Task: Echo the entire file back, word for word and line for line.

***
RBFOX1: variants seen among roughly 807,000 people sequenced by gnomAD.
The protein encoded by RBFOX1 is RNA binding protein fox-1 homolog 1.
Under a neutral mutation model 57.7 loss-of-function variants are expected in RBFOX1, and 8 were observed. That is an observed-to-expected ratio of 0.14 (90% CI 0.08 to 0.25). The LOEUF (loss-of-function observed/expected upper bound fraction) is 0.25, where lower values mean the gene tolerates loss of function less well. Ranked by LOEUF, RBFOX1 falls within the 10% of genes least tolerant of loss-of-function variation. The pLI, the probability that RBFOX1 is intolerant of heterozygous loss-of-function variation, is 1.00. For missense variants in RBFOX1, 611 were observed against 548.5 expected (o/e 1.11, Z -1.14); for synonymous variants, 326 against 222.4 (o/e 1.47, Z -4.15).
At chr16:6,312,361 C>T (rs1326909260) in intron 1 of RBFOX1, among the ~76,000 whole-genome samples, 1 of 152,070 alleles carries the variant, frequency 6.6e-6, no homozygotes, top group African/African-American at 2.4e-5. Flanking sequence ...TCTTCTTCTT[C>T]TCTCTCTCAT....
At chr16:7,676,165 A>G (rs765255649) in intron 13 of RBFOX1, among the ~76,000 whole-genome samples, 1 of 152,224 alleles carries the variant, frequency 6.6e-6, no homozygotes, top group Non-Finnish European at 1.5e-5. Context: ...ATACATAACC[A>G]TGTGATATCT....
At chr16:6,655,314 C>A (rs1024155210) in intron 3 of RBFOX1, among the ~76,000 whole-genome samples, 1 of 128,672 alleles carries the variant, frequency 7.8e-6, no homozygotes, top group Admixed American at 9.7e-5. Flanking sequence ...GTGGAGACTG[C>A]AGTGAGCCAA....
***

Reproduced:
RBFOX1: variants seen among roughly 807,000 people sequenced by gnomAD.
The protein encoded by RBFOX1 is RNA binding protein fox-1 homolog 1.
Under a neutral mutation model 57.7 loss-of-function variants are expected in RBFOX1, and 8 were observed. That is an observed-to-expected ratio of 0.14 (90% CI 0.08 to 0.25). The LOEUF (loss-of-function observed/expected upper bound fraction) is 0.25, where lower values mean the gene tolerates loss of function less well. Ranked by LOEUF, RBFOX1 falls within the 10% of genes least tolerant of loss-of-function variation. The pLI, the probability that RBFOX1 is intolerant of heterozygous loss-of-function variation, is 1.00. For missense variants in RBFOX1, 611 were observed against 548.5 expected (o/e 1.11, Z -1.14); for synonymous variants, 326 against 222.4 (o/e 1.47, Z -4.15).
At chr16:6,312,361 C>T (rs1326909260) in intron 1 of RBFOX1, among the ~76,000 whole-genome samples, 1 of 152,070 alleles carries the variant, frequency 6.6e-6, no homozygotes, top group African/African-American at 2.4e-5. Flanking sequence ...TCTTCTTCTT[C>T]TCTCTCTCAT....
At chr16:7,676,165 A>G (rs765255649) in intron 13 of RBFOX1, among the ~76,000 whole-genome samples, 1 of 152,224 alleles carries the variant, frequency 6.6e-6, no homozygotes, top group Non-Finnish European at 1.5e-5. Context: ...ATACATAACC[A>G]TGTGATATCT....
At chr16:6,655,314 C>A (rs1024155210) in intron 3 of RBFOX1, among the ~76,000 whole-genome samples, 1 of 128,672 alleles carries the variant, frequency 7.8e-6, no homozygotes, top group Admixed American at 9.7e-5. Flanking sequence ...GTGGAGACTG[C>A]AGTGAGCCAA....